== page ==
We always have the option to accept our defeat, and let that failure be part of what defines us moving forward. In the course of accepting that defeat, there is comfort in the litany of excuses nearby, ready to be grabbed and claimed.  I could talk about being much older than most of the competitors in my division that weekend.  I could point to the fact that my work travels were abnormally high leading up to the event which kept me from training with anything close to the consistency necessary to compete well. I could point to our gym not having a rope installed and use that as a crutch to excuse my poor performance.  

I always like to say that there is a difference between a reason and an excuse.  A reason is the cause that leads to an eventual effect or happening.  An excuse is meant to eliminate blame and responsibility. Reasons will always be present to hold us back from achievements.  Excuses are the things you latch onto when taking the easy way out after a failure or a defeat.

"The credit belongs to the man who is actually in the arena, whose face is marred by dust and sweat and blood; who strives valiantly; who errs, who comes short again and again, because there is no effort without error and shortcoming; but who does actually strive to do the deeds; who knows great enthusiasms, the great devotions; who spends himself in a worthy cause; who at the best knows in the end the triumph of high achievement, and who at the worst, if he fails, at least fails while daring greatly, so that his place shall never be with those cold and timid souls who neither know victory nor defeat."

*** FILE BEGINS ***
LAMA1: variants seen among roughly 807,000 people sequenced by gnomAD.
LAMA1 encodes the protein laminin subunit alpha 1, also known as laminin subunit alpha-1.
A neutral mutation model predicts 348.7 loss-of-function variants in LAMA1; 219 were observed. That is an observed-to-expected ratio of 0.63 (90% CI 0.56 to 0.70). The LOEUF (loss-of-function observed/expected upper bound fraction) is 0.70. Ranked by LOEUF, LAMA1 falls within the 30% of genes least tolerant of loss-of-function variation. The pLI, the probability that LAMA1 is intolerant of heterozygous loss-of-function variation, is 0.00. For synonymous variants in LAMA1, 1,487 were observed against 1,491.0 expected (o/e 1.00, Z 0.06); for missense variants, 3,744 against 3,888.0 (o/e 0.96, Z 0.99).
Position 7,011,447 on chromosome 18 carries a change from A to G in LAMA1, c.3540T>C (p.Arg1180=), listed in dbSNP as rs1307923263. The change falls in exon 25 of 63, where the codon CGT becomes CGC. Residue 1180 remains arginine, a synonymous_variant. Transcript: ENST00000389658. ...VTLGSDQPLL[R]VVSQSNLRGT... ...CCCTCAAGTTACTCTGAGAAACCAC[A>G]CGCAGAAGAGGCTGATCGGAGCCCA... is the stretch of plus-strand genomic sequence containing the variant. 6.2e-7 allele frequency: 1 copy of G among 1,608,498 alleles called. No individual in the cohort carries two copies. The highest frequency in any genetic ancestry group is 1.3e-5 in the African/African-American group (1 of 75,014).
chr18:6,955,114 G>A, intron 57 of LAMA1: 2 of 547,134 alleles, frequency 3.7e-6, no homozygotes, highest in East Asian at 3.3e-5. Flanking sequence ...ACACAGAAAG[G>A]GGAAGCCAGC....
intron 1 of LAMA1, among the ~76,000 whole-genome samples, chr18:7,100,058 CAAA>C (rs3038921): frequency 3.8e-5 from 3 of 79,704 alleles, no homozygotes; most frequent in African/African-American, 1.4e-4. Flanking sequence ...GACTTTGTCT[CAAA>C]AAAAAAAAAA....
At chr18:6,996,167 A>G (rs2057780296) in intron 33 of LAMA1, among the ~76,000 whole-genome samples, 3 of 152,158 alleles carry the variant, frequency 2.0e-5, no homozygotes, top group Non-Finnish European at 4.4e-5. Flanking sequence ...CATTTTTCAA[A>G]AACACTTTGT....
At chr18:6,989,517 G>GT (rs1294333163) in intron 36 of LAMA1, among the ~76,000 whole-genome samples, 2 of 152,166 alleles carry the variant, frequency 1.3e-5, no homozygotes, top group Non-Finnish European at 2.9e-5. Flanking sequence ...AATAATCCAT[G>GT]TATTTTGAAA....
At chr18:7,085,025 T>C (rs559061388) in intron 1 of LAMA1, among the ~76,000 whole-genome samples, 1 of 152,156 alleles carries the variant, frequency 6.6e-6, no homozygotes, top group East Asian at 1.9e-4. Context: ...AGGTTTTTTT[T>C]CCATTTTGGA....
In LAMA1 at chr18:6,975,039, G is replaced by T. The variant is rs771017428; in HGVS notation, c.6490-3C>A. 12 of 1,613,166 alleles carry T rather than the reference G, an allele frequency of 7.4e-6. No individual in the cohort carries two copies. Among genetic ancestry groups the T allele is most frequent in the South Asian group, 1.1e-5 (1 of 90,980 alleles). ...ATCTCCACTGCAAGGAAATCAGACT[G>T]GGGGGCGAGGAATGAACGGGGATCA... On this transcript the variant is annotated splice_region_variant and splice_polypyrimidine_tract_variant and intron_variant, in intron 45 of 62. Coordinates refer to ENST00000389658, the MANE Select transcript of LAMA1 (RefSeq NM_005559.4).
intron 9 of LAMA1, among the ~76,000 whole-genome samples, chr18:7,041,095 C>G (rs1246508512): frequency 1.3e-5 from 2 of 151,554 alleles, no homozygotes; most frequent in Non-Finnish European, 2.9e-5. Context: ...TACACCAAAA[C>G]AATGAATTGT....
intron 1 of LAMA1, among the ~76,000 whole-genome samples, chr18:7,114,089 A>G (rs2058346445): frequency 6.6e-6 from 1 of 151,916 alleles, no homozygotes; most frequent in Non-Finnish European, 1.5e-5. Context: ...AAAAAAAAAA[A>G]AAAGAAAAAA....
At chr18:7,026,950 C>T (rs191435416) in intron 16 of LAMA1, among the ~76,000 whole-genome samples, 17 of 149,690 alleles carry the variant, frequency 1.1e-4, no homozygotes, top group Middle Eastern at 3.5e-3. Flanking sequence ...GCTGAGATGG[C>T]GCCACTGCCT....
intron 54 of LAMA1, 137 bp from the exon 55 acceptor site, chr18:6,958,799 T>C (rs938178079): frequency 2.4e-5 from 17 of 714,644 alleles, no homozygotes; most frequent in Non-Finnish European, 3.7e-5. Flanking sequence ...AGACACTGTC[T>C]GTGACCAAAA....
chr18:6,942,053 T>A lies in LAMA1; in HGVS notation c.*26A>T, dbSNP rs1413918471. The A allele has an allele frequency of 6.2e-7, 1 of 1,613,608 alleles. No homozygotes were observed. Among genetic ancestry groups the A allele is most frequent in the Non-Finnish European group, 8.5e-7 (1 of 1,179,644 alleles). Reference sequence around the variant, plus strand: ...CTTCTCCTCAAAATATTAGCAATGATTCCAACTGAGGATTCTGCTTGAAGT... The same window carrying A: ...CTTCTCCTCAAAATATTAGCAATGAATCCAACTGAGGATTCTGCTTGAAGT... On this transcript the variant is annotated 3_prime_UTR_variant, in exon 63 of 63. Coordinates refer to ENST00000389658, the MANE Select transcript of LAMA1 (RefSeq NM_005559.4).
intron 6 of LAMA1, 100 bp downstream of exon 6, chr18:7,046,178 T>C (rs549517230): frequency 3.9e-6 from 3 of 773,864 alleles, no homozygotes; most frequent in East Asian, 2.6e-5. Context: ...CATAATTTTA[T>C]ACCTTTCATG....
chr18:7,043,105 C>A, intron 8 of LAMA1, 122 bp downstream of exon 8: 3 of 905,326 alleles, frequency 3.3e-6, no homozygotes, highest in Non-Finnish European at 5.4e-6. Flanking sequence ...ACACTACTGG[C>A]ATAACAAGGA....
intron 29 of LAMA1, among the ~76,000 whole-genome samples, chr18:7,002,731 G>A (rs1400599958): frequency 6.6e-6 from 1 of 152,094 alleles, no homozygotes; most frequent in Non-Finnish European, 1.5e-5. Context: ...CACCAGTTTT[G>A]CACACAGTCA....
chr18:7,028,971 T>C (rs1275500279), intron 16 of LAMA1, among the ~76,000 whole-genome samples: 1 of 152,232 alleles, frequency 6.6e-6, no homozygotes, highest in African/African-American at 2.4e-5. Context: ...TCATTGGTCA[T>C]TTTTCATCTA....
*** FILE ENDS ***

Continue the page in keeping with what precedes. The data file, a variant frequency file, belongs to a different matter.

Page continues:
The second path involves facing up to those reasons, then pushing them aside and continuing to get better.  Despite the debacle in the final WOD, it was still both a fun and productive weekend in Charleston.  I know where my deficiencies lie.  I know what steps need to be taken to work on them.  Once in a while it's good to have a low moment like this, because it teaches you a lot about yourself.  Both who you are and who you desire to become.  This doesn't have to apply to CrossFit, it carries over into any walk of life.  A bad test score, a failed relationship, losing out on a job or a promotion or sales account, defeats happen.  Failures are inevitable when you challenge yourself.  

Minutes after WOD 4, I sat alone in a corner away from the crowd and had a fairly depressing pity party. Light-headed and dripping sweat into puddles on the concrete, I felt like never seeing (let alone trying to climb) a rope again in my life.  A little while later, a friend pointed out that Rich Froning had his rope climb failure in the finals of the CrossFit Games (2010) with everything on the line.  If he could endure something like that, then I could endure this.  I laughed off his comparison at first, but then it started to make sense.  One reason why Rich is such a great ambassador for our sport (read his book, it's good...) is because he was introduced to us by first being humbled.  Then he came back from his failure and choked out his weakness the following year.  Something we can all learn from.

Defeat can have benefits.  Once it shoves you to the floor, standing over you laughing and pointing, the question becomes how will you deal with it?

Which of the two paths will you ultimately take?

As for me...I have to get back on the rope.


 *Note - I made my goal, I did not finish last in the Men's Rx division.  68th place out of 72 overall. (fist pump)



First Year of CrossFit - Lessons Learned

I'm late on this topic by a couple months, but this past May I celebrated my one-year anniversary after starting CrossFit. 


To some, that is the same thing as saying "I’ve joined the cult!", but one overlooked aspect of being in the cult, is that you have no problem with other people accusing you of being “in the cult”. In-fact, this brings a sense of pride.